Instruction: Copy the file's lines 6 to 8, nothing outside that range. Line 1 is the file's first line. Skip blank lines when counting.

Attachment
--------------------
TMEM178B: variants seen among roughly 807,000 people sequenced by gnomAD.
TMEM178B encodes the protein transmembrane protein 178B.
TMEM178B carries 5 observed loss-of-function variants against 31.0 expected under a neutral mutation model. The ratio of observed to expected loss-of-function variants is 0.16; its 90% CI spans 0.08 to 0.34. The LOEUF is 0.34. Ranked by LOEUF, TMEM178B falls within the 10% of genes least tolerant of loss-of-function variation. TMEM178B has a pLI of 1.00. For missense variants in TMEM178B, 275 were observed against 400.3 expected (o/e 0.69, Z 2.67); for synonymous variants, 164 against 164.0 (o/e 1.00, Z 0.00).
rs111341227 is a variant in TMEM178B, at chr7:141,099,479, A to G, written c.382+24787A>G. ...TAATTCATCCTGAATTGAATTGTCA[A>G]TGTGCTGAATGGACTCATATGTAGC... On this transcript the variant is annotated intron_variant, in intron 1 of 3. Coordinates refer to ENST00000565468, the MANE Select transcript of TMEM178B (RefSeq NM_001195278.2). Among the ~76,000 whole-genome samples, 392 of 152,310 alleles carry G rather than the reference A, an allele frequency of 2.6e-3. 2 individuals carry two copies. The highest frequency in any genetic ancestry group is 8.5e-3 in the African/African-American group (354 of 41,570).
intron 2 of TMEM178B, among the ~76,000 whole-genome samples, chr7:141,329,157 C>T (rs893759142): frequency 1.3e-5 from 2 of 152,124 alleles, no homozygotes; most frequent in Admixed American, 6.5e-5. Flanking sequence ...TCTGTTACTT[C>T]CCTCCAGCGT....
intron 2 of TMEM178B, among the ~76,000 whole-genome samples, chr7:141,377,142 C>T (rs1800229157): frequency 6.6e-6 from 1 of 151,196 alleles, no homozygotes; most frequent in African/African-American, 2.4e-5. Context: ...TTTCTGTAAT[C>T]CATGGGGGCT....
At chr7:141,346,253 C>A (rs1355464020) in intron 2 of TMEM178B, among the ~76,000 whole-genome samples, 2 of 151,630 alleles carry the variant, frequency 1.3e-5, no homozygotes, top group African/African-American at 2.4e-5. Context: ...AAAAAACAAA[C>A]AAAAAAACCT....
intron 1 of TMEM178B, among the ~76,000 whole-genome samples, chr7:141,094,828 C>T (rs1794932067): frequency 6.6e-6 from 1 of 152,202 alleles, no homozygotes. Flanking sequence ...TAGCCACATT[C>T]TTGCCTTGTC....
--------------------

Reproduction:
intron 2 of TMEM178B, among the ~76,000 whole-genome samples, chr7:141,377,142 C>T (rs1800229157): frequency 6.6e-6 from 1 of 151,196 alleles, no homozygotes; most frequent in African/African-American, 2.4e-5. Context: ...TTTCTGTAAT[C>T]CATGGGGGCT....
At chr7:141,346,253 C>A (rs1355464020) in intron 2 of TMEM178B, among the ~76,000 whole-genome samples, 2 of 151,630 alleles carry the variant, frequency 1.3e-5, no homozygotes, top group African/African-American at 2.4e-5. Context: ...AAAAAACAAA[C>A]AAAAAAACCT....
intron 1 of TMEM178B, among the ~76,000 whole-genome samples, chr7:141,094,828 C>T (rs1794932067): frequency 6.6e-6 from 1 of 152,202 alleles, no homozygotes. Flanking sequence ...TAGCCACATT[C>T]TTGCCTTGTC....